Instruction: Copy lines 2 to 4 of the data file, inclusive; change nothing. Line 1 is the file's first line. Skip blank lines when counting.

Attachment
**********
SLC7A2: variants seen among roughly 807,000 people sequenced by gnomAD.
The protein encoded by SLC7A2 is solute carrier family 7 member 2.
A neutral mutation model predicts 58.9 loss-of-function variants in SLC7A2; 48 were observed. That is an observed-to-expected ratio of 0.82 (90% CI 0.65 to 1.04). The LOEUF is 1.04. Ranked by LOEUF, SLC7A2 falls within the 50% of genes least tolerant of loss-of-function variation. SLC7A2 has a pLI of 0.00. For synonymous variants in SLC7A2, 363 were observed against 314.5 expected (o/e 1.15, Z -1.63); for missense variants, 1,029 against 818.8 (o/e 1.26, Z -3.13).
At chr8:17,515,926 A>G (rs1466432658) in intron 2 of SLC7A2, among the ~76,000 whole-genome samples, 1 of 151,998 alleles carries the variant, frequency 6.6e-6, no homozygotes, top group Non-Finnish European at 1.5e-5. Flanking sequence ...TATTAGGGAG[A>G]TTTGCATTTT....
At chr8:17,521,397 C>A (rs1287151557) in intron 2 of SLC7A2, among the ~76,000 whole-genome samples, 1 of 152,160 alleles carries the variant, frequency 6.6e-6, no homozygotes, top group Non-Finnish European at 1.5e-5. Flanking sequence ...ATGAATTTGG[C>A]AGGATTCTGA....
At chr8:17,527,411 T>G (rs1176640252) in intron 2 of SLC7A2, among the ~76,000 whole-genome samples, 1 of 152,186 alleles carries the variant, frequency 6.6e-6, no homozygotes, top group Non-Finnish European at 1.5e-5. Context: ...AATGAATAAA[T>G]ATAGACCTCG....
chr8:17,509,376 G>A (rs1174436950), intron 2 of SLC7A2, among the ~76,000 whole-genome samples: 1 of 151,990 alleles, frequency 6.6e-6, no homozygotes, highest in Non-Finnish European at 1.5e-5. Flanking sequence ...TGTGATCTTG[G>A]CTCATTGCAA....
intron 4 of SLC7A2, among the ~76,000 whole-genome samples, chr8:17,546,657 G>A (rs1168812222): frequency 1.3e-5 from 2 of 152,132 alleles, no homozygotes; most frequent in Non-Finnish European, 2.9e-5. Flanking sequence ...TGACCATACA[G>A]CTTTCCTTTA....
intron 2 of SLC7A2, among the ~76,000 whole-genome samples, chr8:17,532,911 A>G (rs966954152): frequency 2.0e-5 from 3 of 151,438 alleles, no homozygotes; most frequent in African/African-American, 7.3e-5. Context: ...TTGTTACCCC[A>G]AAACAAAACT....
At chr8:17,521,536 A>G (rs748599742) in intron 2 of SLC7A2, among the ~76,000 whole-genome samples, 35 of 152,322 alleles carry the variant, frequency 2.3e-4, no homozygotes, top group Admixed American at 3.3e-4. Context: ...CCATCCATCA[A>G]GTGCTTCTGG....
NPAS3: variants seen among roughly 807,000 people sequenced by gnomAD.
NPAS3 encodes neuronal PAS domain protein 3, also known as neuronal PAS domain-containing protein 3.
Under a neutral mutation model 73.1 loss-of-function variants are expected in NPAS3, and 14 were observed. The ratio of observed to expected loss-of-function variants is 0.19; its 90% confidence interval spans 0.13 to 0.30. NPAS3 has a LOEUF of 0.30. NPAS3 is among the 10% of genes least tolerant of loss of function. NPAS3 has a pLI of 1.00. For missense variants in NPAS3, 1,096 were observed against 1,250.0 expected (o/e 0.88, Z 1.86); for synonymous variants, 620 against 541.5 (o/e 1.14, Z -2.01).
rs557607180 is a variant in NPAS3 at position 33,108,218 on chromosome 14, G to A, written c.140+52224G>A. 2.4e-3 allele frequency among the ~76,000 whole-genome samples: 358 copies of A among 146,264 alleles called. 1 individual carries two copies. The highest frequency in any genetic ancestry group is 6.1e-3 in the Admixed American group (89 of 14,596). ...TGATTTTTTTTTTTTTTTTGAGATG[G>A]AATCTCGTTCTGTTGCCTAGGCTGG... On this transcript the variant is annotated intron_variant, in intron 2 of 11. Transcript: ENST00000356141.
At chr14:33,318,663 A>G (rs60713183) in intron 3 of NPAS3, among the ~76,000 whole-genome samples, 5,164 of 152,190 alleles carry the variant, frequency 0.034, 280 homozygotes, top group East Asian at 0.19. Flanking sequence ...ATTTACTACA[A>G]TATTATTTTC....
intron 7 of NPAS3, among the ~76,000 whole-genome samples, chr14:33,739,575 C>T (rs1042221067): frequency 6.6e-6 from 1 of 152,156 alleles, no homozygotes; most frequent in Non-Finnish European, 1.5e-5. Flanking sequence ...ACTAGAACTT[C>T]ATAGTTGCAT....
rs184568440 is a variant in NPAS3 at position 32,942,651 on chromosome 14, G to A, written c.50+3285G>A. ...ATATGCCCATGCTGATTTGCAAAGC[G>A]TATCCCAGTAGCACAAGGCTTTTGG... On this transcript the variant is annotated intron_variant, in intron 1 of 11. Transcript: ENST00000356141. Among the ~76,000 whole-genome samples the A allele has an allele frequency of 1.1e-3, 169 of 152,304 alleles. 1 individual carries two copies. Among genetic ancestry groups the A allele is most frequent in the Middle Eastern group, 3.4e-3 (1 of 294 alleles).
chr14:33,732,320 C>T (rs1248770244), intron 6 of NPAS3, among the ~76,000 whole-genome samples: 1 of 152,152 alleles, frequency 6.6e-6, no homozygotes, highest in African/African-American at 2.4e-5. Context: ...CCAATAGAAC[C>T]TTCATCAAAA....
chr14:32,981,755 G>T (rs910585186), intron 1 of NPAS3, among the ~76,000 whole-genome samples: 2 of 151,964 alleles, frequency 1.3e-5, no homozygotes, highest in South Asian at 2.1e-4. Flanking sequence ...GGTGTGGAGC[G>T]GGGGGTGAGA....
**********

The protein encoded by SLC7A2 is solute carrier family 7 member 2.
A neutral mutation model predicts 58.9 loss-of-function variants in SLC7A2; 48 were observed. That is an observed-to-expected ratio of 0.82 (90% CI 0.65 to 1.04). The LOEUF is 1.04. Ranked by LOEUF, SLC7A2 falls within the 50% of genes least tolerant of loss-of-function variation. SLC7A2 has a pLI of 0.00. For synonymous variants in SLC7A2, 363 were observed against 314.5 expected (o/e 1.15, Z -1.63); for missense variants, 1,029 against 818.8 (o/e 1.26, Z -3.13).
At chr8:17,515,926 A>G (rs1466432658) in intron 2 of SLC7A2, among the ~76,000 whole-genome samples, 1 of 151,998 alleles carries the variant, frequency 6.6e-6, no homozygotes, top group Non-Finnish European at 1.5e-5. Flanking sequence ...TATTAGGGAG[A>G]TTTGCATTTT....